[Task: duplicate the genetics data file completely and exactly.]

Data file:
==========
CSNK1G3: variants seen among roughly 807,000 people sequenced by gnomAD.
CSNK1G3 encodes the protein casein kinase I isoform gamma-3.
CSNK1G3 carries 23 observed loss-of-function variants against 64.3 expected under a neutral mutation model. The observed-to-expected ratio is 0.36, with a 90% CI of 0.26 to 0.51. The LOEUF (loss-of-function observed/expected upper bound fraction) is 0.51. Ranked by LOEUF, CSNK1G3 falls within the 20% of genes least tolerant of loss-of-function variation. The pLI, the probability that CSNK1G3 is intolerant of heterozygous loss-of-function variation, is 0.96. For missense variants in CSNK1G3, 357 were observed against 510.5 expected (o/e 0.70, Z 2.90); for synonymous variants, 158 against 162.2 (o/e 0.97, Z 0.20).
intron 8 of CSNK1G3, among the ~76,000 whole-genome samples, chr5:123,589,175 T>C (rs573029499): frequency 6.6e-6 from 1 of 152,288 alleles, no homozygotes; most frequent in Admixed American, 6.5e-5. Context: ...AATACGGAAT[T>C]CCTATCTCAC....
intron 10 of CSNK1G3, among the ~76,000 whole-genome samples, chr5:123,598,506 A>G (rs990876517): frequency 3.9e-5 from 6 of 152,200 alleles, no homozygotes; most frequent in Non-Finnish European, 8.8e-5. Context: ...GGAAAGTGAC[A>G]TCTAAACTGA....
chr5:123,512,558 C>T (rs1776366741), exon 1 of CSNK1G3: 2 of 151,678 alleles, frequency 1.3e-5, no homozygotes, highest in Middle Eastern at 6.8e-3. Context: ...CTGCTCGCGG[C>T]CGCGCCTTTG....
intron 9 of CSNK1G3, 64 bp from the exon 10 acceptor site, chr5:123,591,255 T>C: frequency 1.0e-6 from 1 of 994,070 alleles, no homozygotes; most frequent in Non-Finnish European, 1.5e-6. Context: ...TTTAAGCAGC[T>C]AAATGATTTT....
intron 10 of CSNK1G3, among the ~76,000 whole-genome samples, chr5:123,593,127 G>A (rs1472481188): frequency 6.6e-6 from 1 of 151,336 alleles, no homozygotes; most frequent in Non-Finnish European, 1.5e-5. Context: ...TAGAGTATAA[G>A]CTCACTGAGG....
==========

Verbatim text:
CSNK1G3: variants seen among roughly 807,000 people sequenced by gnomAD.
CSNK1G3 encodes the protein casein kinase I isoform gamma-3.
CSNK1G3 carries 23 observed loss-of-function variants against 64.3 expected under a neutral mutation model. The observed-to-expected ratio is 0.36, with a 90% CI of 0.26 to 0.51. The LOEUF (loss-of-function observed/expected upper bound fraction) is 0.51. Ranked by LOEUF, CSNK1G3 falls within the 20% of genes least tolerant of loss-of-function variation. The pLI, the probability that CSNK1G3 is intolerant of heterozygous loss-of-function variation, is 0.96. For missense variants in CSNK1G3, 357 were observed against 510.5 expected (o/e 0.70, Z 2.90); for synonymous variants, 158 against 162.2 (o/e 0.97, Z 0.20).
intron 8 of CSNK1G3, among the ~76,000 whole-genome samples, chr5:123,589,175 T>C (rs573029499): frequency 6.6e-6 from 1 of 152,288 alleles, no homozygotes; most frequent in Admixed American, 6.5e-5. Context: ...AATACGGAAT[T>C]CCTATCTCAC....
intron 10 of CSNK1G3, among the ~76,000 whole-genome samples, chr5:123,598,506 A>G (rs990876517): frequency 3.9e-5 from 6 of 152,200 alleles, no homozygotes; most frequent in Non-Finnish European, 8.8e-5. Context: ...GGAAAGTGAC[A>G]TCTAAACTGA....
chr5:123,512,558 C>T (rs1776366741), exon 1 of CSNK1G3: 2 of 151,678 alleles, frequency 1.3e-5, no homozygotes, highest in Middle Eastern at 6.8e-3. Context: ...CTGCTCGCGG[C>T]CGCGCCTTTG....
intron 9 of CSNK1G3, 64 bp from the exon 10 acceptor site, chr5:123,591,255 T>C: frequency 1.0e-6 from 1 of 994,070 alleles, no homozygotes; most frequent in Non-Finnish European, 1.5e-6. Context: ...TTTAAGCAGC[T>C]AAATGATTTT....
intron 10 of CSNK1G3, among the ~76,000 whole-genome samples, chr5:123,593,127 G>A (rs1472481188): frequency 6.6e-6 from 1 of 151,336 alleles, no homozygotes; most frequent in Non-Finnish European, 1.5e-5. Context: ...TAGAGTATAA[G>A]CTCACTGAGG....